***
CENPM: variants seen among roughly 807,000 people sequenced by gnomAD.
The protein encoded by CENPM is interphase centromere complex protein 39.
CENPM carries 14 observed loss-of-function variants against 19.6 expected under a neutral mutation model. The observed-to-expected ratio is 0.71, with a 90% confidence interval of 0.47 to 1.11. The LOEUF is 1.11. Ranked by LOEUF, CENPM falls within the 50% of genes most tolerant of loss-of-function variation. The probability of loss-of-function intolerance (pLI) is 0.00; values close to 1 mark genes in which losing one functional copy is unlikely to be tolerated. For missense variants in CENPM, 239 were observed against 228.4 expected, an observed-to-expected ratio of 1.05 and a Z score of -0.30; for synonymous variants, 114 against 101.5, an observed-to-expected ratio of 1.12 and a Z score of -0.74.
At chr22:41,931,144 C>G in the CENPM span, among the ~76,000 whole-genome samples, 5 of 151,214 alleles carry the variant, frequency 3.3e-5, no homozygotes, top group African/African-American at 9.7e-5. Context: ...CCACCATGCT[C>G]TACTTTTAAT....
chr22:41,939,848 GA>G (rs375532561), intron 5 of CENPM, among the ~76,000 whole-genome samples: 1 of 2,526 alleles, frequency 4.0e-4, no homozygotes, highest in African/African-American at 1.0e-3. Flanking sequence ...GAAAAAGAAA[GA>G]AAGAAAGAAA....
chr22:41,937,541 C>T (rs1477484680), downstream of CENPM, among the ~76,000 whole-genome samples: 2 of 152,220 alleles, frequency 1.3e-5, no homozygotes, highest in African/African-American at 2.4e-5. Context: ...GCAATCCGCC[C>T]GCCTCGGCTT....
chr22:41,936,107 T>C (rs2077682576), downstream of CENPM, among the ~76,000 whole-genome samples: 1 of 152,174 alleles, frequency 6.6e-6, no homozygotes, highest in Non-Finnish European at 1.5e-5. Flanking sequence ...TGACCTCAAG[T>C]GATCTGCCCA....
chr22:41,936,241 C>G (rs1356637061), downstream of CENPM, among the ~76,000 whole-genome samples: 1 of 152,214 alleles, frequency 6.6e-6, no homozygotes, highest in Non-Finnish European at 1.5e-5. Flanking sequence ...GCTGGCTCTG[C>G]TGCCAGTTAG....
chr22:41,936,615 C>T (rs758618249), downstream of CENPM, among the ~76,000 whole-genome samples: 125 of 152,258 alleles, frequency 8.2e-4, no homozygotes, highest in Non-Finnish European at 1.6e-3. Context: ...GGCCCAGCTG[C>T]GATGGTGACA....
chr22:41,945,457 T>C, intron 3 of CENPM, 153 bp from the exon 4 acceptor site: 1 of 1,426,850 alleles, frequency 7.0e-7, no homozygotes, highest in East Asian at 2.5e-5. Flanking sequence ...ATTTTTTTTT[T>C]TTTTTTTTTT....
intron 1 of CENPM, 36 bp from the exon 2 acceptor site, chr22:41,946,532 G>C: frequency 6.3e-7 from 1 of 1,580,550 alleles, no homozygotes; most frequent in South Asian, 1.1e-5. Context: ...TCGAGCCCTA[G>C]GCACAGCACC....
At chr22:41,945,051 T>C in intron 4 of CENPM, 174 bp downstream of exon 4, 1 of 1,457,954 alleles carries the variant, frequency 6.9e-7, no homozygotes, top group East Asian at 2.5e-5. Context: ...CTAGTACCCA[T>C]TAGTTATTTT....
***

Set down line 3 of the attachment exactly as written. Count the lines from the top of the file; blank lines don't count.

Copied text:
CENPM carries 14 observed loss-of-function variants against 19.6 expected under a neutral mutation model. The observed-to-expected ratio is 0.71, with a 90% confidence interval of 0.47 to 1.11. The LOEUF is 1.11. Ranked by LOEUF, CENPM falls within the 50% of genes most tolerant of loss-of-function variation. The probability of loss-of-function intolerance (pLI) is 0.00; values close to 1 mark genes in which losing one functional copy is unlikely to be tolerated. For missense variants in CENPM, 239 were observed against 228.4 expected, an observed-to-expected ratio of 1.05 and a Z score of -0.30; for synonymous variants, 114 against 101.5, an observed-to-expected ratio of 1.12 and a Z score of -0.74.